Five OCR HIPAA Fines for HIPAA Right of Access Failures

The Department of Health and Human Services’ Office for Civil Rights (OCR) has recently agreed to settle five HIPAA compliance cases that were investigated after individuals were denied access to their health information.

The HIPAA Privacy Rule gave individuals the right to obtain a copy of their health records from their providers, health insurer, and business associates of those entities. Access must be provided quickly and no later than 30 days, and only a reasonable cost-based fee can be charged for providing access to those records.

After uncovering many cases where this right was not being honored, OCR launched a HIPAA Right of Access initiative in 2019 and made patient access rights one of its top enforcement priorities. Last year, OCR issued a financial penalty of $85,000 to Bayfront Health St Petersburg and Korunda Medical under the HIPAA Right of Access initiative. A further fine settlements have now been reached, with the penalties ranging from $3,500-$70,000.

OCR Director Roger Severino said: “Patients can’t take charge of their health care decisions, without timely access to their own medical information. Today’s announcement is about empowering patients and holding health care providers accountable for failing to take their HIPAA obligations seriously enough.”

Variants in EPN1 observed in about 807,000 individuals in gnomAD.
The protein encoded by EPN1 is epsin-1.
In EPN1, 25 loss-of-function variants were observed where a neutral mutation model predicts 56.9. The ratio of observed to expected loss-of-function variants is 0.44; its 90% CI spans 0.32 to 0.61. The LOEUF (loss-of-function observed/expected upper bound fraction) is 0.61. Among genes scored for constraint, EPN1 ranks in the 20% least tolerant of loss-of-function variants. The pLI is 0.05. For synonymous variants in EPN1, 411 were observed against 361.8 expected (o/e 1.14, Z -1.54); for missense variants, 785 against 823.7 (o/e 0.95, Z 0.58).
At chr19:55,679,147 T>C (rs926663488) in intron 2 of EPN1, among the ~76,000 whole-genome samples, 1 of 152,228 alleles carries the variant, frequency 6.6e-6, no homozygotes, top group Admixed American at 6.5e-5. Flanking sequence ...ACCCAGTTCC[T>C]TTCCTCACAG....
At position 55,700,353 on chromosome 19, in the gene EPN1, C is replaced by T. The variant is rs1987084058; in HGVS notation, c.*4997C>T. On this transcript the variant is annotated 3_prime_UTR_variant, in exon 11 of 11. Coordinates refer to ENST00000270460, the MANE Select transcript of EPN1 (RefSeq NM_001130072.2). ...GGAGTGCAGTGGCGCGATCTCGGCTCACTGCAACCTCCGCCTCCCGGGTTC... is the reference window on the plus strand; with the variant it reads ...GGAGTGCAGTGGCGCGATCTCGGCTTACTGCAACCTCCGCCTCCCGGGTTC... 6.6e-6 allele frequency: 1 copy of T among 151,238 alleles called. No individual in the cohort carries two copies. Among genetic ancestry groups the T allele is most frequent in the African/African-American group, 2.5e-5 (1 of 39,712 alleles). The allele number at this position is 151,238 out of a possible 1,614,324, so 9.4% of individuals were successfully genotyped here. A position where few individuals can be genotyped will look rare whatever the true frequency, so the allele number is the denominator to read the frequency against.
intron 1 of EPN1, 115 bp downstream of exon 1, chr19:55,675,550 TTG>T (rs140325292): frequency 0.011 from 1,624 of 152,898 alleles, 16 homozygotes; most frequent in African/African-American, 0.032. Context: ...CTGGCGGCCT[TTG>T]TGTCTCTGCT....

Beth Israel Lahey Health Behavioral Services

In April 2019, OCR received a complaint about Beth Israel Lahey Health Behavioral Services (BILHBS) not processing a request from a patient for a copy of her father’s medical records. The complainant asked for the records in February 2019, but they had still not been handed over two months later. The patient finally obtained the records in October 2019. OCR ruled that there had potentially been a violation of the HIPAA Right of Access and agree to settle the case for $70,000.

Housing Works

Housing Works is a New York City based non-profit healthcare group that provides healthcare, homeless services, advocacy, job training, re-entry services, and legal aid guidance for people living with and affected by HIV/AIDS. A patient requested a copy of his medical records in June 2019 . In July 2019 he filed a complaint with OCR which found that the HIPAA Right of Access had been violated. The case was settled for $38,000.

All Inclusive Medical Services, Inc.

Located in Carmichael, California, All Inclusive Medical Services, Inc. (AIMS) is a multi-specialty family medicine clinic that supplies a variety of treatments including internal medicine, pain management, and rehabilitation.

In January 2018, a patient asked for medical records, but AIMS refused to provide a copy. The patient filed a complaint with OCR in April 2018 and an investigation was launched. OCR determined the failure to permit the patient to inspect and receive a copy of her medical records was in breach of the HIPAA right of access. The patient was given access to her records in August 2020. OCR ordered AIMS to pay $15,000 to settle the case.

King MD

Located in Virginia, King MD is a small psychiatric service provider . OCR received a complaint in October 2018 from a patient who had not been given a copy of her medical records within two months of submitting a request for a copy. OCR contacted King MD and provided technical guidance on the HIPAA right of access; however, in February 2019, OCR received a second complaint as King MD had still not handed over the medical records. Those records were finally provided in July 2020. The case was settled for $3,500.

In all cases, the covered entity was required to adopt a corrective action plan in addition to paying the fine. each entity will also be monitored by OCR for compliance for between 1 and 2 years.

 

Author: Security News

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